00:29 GMT28 September 2020
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    As federal agents team up with local officials to investigate a recent spate of suspicious fires at historically black churches in Louisiana, Derrick Johnson, president of the National Association for the Advancement of Colored People (NAACP), labeled the burnings acts of domestic terrorism.

    Johnson, who also acts as the rights organization's CEO, said in a Monday statement that "the spike in church burnings in Southern states is a reflection of the emboldened racial rhetoric and tension spreading across the country."

    "But this is nothing new. For decades, African-American churches have served as the epicenter of survival and a symbol of hope for many in the African-American community. As a consequence, these houses of faith have historically been the targets of violence. The NAACP stands vigilant to ensure that authorities conduct full investigations," he added.

    Three fires have occurred in the Bayou State's St. Landry Parish, starting on March 26, when the first blaze was reported at the St. Mary Baptist Church. The following two were reported on April 2 and April 4 at the Greater Union Baptist Church and the Mount Pleasant Baptist Church, respectively.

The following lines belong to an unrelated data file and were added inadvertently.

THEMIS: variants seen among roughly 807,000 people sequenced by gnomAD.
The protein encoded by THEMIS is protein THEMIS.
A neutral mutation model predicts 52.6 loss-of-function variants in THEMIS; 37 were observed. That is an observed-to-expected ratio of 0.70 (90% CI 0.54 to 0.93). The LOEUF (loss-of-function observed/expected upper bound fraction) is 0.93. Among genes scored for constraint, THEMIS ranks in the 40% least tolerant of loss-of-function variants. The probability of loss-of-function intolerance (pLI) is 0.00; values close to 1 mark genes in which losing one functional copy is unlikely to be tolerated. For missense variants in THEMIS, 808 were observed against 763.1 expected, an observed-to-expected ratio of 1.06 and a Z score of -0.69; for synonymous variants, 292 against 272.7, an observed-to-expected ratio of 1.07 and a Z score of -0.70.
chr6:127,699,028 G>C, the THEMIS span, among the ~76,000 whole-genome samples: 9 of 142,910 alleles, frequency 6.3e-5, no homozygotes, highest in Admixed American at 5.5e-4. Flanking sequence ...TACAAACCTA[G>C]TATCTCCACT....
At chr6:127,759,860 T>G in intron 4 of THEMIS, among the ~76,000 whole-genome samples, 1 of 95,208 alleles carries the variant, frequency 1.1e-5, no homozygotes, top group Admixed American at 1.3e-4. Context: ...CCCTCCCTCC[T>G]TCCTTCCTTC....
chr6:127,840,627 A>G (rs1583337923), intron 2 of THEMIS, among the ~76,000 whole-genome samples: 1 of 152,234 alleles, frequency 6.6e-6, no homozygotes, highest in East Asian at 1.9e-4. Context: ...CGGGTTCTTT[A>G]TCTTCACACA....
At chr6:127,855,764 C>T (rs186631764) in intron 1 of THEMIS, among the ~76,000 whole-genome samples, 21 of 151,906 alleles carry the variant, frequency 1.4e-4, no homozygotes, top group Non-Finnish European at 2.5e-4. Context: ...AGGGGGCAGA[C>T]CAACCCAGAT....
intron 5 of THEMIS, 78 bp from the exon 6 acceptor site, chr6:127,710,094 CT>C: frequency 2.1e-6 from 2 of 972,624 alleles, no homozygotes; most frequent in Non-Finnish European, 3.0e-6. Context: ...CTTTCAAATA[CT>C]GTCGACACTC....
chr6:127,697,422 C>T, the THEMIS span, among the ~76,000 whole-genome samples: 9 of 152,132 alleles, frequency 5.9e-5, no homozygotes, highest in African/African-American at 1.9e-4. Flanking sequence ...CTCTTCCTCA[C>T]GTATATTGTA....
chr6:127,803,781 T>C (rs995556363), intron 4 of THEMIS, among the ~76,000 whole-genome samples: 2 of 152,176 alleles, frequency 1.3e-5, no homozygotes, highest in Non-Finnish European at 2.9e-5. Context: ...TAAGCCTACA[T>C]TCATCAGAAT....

Investigators have also identified another concerning incident that took place on March 31 in nearby Caddo Parish. Officials have stated that the blaze at the Vivian United Pentecostal Church caused a small amount of damage, and that it was intentionally set.

    And then there's the suspicious fire that partially burned down the Highlander Education and Research Center in New Market, Tennessee, last week. Upon inspection, officials found a symbol linked to the white power movement spray-painted at the social justice center's parking lot, Sputnik previously reported.

    "What is happening in Tennessee and Louisiana is domestic terrorism, and we must not turn a blind eye to any incident where people are targeted because of the color of their skin or their faith," Johnson said.

    Louisiana State Fire Marshal H. "Butch" Browning told reporters at a recent press conference that "there is clearly something happening in this community."

    "That's why it's imperative that the citizens of this community be part of our effort to figure out what it is," he stressed.

    At present, no arrests have been made in any of these cases.

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    Tags:
    Historically Black Churches, Burnings, National Association for the Advancement of Colored People (NAACP), Louisiana, United States
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